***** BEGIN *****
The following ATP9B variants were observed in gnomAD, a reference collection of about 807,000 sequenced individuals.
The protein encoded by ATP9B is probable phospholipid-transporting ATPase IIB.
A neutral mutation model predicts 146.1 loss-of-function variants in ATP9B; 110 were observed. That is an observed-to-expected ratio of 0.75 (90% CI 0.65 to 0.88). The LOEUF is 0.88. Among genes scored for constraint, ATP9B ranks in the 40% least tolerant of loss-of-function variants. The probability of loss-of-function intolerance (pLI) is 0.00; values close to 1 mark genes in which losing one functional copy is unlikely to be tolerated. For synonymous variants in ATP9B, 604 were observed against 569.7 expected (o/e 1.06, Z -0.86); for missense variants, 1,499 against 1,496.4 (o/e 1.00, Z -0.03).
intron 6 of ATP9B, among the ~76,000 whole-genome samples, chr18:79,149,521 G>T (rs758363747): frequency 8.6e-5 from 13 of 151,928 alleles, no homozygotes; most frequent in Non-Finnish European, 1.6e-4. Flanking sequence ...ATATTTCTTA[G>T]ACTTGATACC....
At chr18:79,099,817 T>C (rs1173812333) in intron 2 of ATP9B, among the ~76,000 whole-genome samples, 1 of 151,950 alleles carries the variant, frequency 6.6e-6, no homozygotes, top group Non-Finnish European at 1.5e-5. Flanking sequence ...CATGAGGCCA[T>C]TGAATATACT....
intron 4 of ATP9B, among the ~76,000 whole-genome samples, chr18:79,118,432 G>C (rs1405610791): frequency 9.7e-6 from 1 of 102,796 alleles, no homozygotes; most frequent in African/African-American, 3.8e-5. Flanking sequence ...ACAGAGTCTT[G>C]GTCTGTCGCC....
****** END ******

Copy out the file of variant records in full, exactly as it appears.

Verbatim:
The following ATP9B variants were observed in gnomAD, a reference collection of about 807,000 sequenced individuals.
The protein encoded by ATP9B is probable phospholipid-transporting ATPase IIB.
A neutral mutation model predicts 146.1 loss-of-function variants in ATP9B; 110 were observed. That is an observed-to-expected ratio of 0.75 (90% CI 0.65 to 0.88). The LOEUF is 0.88. Among genes scored for constraint, ATP9B ranks in the 40% least tolerant of loss-of-function variants. The probability of loss-of-function intolerance (pLI) is 0.00; values close to 1 mark genes in which losing one functional copy is unlikely to be tolerated. For synonymous variants in ATP9B, 604 were observed against 569.7 expected (o/e 1.06, Z -0.86); for missense variants, 1,499 against 1,496.4 (o/e 1.00, Z -0.03).
intron 6 of ATP9B, among the ~76,000 whole-genome samples, chr18:79,149,521 G>T (rs758363747): frequency 8.6e-5 from 13 of 151,928 alleles, no homozygotes; most frequent in Non-Finnish European, 1.6e-4. Flanking sequence ...ATATTTCTTA[G>T]ACTTGATACC....
At chr18:79,099,817 T>C (rs1173812333) in intron 2 of ATP9B, among the ~76,000 whole-genome samples, 1 of 151,950 alleles carries the variant, frequency 6.6e-6, no homozygotes, top group Non-Finnish European at 1.5e-5. Flanking sequence ...CATGAGGCCA[T>C]TGAATATACT....
intron 4 of ATP9B, among the ~76,000 whole-genome samples, chr18:79,118,432 G>C (rs1405610791): frequency 9.7e-6 from 1 of 102,796 alleles, no homozygotes; most frequent in African/African-American, 3.8e-5. Flanking sequence ...ACAGAGTCTT[G>C]GTCTGTCGCC....